Talking About Death - How To Get Started

Death and dying are topics that most of us would prefer not to talk about. This may be because they bring up negative emotions such as sadness or fear. Some people also find it difficult to talk about death, especially if it isn’t something that is socially acceptable to talk about openly in their society or culture. Most people simply don’t know where to start when beginning a conversation about death and dying. Even in 2023, death is a taboo topic in most families! 

In fact, having a chat about death doesn’t have to be morbid at all. Talking about death as a natural part of life can be healthy and empowering, and can even strengthen your relationships with your loved ones. Here are the key areas we have some guidance about   

  • What are your thoughts on death 

  • You can talk about death any time 

  • Be respectful of when/how people can talk 

  • Focus on what the person wants 

  • Be prepared to be emotional! 

  • Talking with children about death

  1. Reframe your perspective on death 

For most of us, death and dying are topics that we associate with sadness. In some cultures death is celebrated, either as a way to honour the life of the person who has passed on or as a rebirth or reincarnation. Examples of these are the Jazz Funerals of New Orleans where death is celebrated with music and dance on the streets, and the Ngaben ceremony of Bali where families gather to send their loved ones onwards to their next life, or back to nature. It can also be a time to remember and honour ancestors.  

  1. Find opportunities in everyday life 

If the subject of death does come up in everyday life, use it as an opportunity to spark a conversation. Sometimes people are more open to talking about subjects like death if it’s connected to a public event, like the death of a public figure.  

You could even start by saying something like “I would like my funeral to be full of colour and music” or “I would love to have white lilies at my funeral” and leave the conversation open for your friend or family member to express their opinion.  

  1. Give people space and time  

If the person you’re talking to is resistant to talking about death, or is not ready to talk about the subject, try to respect this. Some people take longer to warm up to difficult subjects, so while you may be ready to discuss death, they may not be, but when they are, be ready to listen to the other person and their feelings and thoughts on death.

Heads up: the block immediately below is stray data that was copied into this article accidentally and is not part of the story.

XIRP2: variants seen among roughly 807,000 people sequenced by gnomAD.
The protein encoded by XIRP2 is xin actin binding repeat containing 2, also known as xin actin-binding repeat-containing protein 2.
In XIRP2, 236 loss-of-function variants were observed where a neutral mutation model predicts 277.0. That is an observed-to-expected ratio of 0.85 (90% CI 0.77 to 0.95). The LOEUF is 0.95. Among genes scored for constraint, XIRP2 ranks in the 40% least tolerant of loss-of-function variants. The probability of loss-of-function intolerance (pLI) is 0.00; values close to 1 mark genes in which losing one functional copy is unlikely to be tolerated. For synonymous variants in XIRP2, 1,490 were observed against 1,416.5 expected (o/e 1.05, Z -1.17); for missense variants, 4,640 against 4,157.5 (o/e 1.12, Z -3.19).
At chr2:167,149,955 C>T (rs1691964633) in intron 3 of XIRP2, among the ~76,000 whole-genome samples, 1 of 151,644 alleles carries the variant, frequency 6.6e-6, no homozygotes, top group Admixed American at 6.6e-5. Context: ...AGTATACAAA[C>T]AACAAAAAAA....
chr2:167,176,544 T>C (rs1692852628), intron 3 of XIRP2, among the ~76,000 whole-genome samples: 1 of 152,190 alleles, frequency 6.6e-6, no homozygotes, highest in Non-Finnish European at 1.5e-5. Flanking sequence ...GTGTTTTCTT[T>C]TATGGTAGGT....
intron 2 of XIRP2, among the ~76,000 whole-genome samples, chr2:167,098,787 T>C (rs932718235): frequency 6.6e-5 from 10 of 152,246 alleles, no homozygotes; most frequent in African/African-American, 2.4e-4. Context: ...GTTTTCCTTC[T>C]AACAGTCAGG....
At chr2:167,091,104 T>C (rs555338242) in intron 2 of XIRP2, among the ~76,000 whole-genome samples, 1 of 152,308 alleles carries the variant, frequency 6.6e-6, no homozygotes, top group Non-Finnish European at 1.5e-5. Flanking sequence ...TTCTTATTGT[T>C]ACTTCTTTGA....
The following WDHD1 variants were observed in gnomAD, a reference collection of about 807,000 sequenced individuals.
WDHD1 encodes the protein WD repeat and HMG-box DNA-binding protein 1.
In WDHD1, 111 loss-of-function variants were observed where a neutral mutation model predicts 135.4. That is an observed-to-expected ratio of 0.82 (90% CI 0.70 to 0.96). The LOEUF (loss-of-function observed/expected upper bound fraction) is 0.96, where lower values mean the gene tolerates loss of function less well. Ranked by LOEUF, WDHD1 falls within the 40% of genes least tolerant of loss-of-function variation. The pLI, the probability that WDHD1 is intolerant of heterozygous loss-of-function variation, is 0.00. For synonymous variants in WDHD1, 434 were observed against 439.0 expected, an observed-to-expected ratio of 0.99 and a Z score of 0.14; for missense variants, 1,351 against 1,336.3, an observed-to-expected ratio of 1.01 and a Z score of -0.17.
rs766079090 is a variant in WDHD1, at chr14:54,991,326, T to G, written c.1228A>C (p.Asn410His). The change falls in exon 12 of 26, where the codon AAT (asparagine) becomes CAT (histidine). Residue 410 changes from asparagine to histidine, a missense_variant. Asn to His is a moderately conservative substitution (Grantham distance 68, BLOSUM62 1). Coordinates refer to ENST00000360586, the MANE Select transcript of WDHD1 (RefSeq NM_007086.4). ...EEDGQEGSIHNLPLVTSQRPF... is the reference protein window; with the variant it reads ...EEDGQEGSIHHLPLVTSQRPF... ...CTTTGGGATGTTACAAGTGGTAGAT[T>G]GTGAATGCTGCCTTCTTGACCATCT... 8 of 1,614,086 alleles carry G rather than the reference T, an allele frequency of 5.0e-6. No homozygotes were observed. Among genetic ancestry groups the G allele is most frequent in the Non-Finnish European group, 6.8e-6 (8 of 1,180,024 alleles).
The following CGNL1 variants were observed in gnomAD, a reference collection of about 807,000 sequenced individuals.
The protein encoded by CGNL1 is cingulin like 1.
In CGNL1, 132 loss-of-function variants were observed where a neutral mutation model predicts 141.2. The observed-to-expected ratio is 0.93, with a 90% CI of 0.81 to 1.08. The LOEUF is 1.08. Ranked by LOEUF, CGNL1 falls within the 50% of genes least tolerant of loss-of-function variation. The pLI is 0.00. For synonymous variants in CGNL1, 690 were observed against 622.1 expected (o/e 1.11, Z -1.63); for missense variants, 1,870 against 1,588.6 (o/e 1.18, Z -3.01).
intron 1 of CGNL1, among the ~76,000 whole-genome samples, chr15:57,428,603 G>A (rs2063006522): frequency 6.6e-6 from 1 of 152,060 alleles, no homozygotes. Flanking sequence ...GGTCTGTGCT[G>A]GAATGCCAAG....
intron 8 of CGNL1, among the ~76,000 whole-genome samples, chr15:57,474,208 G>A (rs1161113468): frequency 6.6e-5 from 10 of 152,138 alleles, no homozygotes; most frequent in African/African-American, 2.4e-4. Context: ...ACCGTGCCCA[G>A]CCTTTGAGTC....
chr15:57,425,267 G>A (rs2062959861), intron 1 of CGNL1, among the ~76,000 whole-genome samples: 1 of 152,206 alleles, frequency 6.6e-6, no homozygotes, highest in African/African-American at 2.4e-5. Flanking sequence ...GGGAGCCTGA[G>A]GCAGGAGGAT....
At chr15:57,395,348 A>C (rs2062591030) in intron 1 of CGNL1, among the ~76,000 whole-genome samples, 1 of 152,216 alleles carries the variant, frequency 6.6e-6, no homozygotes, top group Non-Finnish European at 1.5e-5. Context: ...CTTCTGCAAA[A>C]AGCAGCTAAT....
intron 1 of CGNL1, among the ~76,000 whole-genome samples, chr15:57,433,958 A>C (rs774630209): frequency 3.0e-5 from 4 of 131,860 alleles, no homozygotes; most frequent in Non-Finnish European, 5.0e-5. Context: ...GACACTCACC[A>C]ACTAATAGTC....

This could also be due to cultural or religious beliefs, so it’s always best to be mindful of these differences. Let others take their own time to become comfortable about talking about death.  

  1. Focus on the person who is dying 

Sometimes, it is the death or illness of a friend or family member that sparks a conversation about death. In this case, it’s important to keep the focus on the person who is dying. Respecting and holding space for their beliefs about death is the best way forward.  

  1. Be prepared for emotion 

Talking about death can bring up many different - and sometimes conflicting - emotions, both for you and for the person you are talking with. These emotions could range from sadness and worry to fear and anger. Don’t be afraid to cry.  

For some people in the late stages of terminal illness, death may even be something they are looking forward to. Don’t be surprised if this is the case. Everyone has different ideas of what death means to them, and all ideas are valid.  

  1. Find ways to talk to children about death 

Talking to children about the subject of death is very different from talking to adults about it. Children have very different ways of expressing strong emotions related to grief and death. You will also need to keep in mind the age group of the child you are talking to, as very small children will not be able to understand more complex concepts that teenagers might be able to.  

Here’s a helpful guide on talking to children about death and grief.

We know it may be very difficult to talk about death and dying at first, but like anything else, it does become easier once you get started. Having open and honest conversations about death can help you understand the wishes of your loved ones better. These could include what kind of funeral they prefer, where they would like to be interred, and how they would like to be remembered.  

It’s also important to know what to do when someone dies.  Knowing the technical details, such as what documents you’ll need, can make a stressful time easier to cope with.  

Talking about your own death can even make you feel empowered to try exploring some of the options that The Farewell Guide offers on our website: 

You could plan your own funeral here

Understand the costs involved in a funeral